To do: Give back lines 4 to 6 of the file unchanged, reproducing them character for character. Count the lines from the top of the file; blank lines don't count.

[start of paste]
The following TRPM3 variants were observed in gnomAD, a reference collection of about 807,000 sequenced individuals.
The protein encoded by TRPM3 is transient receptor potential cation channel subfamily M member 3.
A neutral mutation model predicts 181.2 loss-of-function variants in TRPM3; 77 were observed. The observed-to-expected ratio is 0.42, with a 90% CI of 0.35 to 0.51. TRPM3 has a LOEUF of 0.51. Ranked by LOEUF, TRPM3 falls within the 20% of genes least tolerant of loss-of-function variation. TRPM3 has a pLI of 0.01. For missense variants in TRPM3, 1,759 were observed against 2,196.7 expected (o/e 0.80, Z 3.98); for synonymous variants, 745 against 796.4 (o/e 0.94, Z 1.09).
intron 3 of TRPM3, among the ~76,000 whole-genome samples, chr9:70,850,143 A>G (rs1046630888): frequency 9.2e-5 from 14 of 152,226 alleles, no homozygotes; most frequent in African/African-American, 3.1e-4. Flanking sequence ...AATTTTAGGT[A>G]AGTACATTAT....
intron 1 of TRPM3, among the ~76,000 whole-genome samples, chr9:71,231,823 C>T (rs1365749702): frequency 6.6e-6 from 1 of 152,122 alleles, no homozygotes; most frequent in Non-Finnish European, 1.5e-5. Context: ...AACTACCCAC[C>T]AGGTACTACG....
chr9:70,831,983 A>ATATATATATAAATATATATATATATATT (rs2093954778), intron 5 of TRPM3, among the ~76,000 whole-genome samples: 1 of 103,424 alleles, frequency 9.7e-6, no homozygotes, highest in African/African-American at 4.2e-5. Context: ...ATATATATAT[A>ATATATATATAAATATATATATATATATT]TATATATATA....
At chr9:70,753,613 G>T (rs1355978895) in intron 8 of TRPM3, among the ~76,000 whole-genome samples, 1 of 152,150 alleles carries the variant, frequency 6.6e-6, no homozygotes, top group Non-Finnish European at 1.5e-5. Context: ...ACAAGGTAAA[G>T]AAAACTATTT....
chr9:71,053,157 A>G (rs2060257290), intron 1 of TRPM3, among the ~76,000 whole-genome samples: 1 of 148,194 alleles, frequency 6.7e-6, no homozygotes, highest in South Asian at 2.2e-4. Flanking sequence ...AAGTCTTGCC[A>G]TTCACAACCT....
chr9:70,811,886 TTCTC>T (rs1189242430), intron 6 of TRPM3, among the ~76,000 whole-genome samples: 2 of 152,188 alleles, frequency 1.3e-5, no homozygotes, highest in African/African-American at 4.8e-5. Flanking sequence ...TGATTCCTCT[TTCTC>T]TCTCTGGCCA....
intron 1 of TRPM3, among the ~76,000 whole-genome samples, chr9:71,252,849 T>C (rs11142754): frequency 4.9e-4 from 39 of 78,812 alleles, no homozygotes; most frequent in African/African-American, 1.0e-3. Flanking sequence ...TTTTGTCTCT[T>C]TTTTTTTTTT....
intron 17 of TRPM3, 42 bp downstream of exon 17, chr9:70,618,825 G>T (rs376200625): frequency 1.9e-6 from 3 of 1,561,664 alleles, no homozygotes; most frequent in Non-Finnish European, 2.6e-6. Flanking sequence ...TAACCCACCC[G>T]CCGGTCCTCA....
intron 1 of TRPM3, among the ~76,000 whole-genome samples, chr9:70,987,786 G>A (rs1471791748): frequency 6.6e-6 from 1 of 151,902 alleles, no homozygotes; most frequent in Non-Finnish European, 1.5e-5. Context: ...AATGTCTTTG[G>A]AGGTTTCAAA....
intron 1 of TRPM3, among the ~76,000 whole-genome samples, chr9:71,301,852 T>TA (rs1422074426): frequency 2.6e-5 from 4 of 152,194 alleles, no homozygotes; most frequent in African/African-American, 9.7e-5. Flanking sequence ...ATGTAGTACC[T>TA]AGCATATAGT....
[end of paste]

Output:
intron 3 of TRPM3, among the ~76,000 whole-genome samples, chr9:70,850,143 A>G (rs1046630888): frequency 9.2e-5 from 14 of 152,226 alleles, no homozygotes; most frequent in African/African-American, 3.1e-4. Flanking sequence ...AATTTTAGGT[A>G]AGTACATTAT....
intron 1 of TRPM3, among the ~76,000 whole-genome samples, chr9:71,231,823 C>T (rs1365749702): frequency 6.6e-6 from 1 of 152,122 alleles, no homozygotes; most frequent in Non-Finnish European, 1.5e-5. Context: ...AACTACCCAC[C>T]AGGTACTACG....
chr9:70,831,983 A>ATATATATATAAATATATATATATATATT (rs2093954778), intron 5 of TRPM3, among the ~76,000 whole-genome samples: 1 of 103,424 alleles, frequency 9.7e-6, no homozygotes, highest in African/African-American at 4.2e-5. Context: ...ATATATATAT[A>ATATATATATAAATATATATATATATATT]TATATATATA....